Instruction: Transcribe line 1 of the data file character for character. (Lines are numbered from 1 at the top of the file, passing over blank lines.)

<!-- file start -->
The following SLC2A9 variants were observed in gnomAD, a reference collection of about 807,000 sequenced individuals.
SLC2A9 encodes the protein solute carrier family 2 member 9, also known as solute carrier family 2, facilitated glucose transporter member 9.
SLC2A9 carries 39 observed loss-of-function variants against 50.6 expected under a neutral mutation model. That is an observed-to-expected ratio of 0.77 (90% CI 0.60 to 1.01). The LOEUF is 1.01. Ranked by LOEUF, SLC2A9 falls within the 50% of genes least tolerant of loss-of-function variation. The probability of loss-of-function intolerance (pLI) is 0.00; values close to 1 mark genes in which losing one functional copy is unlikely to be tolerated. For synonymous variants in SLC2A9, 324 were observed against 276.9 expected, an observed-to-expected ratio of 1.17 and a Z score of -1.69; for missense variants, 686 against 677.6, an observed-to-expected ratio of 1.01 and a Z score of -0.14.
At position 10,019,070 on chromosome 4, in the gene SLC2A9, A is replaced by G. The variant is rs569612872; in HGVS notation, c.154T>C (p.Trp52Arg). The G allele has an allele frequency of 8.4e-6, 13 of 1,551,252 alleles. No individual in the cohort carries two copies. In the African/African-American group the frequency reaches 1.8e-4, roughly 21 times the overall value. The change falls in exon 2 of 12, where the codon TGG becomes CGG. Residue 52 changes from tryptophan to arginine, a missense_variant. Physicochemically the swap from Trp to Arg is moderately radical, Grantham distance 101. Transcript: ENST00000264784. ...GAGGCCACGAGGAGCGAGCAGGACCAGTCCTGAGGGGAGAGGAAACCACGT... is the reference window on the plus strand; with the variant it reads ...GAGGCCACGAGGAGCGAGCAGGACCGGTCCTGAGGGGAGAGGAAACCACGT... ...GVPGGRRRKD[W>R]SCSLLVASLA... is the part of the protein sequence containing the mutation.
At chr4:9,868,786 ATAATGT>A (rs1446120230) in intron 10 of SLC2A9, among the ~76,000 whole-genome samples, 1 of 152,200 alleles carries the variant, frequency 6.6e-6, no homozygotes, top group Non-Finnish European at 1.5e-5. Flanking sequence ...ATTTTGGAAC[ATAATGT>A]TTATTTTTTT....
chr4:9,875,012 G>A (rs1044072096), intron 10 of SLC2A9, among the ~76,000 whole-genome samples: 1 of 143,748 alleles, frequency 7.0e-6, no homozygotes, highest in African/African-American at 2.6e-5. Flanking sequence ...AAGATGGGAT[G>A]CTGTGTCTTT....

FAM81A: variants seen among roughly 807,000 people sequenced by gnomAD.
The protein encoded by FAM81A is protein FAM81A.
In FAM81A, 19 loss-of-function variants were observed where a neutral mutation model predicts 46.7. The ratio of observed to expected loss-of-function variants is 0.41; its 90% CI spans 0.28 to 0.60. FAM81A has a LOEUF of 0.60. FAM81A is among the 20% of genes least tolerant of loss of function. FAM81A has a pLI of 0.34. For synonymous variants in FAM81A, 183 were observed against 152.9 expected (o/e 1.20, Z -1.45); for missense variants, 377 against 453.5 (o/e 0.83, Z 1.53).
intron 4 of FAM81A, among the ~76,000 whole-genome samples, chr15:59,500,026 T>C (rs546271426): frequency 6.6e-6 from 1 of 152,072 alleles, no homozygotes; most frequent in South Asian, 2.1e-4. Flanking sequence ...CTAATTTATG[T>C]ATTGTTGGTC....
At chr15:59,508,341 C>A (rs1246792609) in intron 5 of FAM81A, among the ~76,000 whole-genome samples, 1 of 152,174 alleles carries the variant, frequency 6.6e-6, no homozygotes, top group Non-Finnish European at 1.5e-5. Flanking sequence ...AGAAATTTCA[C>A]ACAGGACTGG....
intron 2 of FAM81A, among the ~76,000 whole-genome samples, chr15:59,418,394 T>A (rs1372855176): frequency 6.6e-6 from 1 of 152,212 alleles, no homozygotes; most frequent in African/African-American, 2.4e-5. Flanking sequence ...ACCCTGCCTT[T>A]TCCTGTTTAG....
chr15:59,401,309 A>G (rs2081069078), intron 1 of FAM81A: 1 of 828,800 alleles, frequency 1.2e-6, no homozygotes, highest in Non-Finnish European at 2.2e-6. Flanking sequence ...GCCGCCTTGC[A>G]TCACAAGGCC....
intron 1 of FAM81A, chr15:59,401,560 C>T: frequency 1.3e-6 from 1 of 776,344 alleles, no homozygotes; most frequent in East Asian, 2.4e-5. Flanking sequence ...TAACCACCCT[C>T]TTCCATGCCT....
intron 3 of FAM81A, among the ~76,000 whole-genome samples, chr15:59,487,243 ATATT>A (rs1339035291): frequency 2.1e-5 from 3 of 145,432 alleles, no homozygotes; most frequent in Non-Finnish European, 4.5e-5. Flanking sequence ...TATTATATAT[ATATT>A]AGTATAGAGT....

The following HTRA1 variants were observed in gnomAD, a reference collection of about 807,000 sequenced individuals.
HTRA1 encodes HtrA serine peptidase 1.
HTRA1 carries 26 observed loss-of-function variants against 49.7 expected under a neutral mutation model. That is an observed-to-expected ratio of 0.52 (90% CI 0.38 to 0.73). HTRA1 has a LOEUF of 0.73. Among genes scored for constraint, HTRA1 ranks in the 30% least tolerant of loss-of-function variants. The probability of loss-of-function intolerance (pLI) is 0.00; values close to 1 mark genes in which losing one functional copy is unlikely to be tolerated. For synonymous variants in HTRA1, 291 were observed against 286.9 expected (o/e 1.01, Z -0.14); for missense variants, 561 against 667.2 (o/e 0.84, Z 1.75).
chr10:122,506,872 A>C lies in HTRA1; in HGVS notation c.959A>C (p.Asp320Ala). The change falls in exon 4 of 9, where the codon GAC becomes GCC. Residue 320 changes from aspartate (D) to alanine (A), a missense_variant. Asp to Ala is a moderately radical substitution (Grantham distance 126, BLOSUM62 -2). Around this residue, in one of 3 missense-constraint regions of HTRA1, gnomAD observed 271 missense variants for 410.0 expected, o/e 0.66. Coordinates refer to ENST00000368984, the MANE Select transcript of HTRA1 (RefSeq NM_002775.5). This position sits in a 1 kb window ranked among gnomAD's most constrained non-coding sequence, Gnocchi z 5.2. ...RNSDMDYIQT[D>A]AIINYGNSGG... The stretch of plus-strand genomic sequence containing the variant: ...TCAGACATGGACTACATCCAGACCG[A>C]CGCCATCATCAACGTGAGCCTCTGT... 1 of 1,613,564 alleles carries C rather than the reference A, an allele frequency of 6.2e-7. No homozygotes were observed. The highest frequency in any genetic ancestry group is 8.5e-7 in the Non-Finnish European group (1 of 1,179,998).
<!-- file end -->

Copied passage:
The following SLC2A9 variants were observed in gnomAD, a reference collection of about 807,000 sequenced individuals.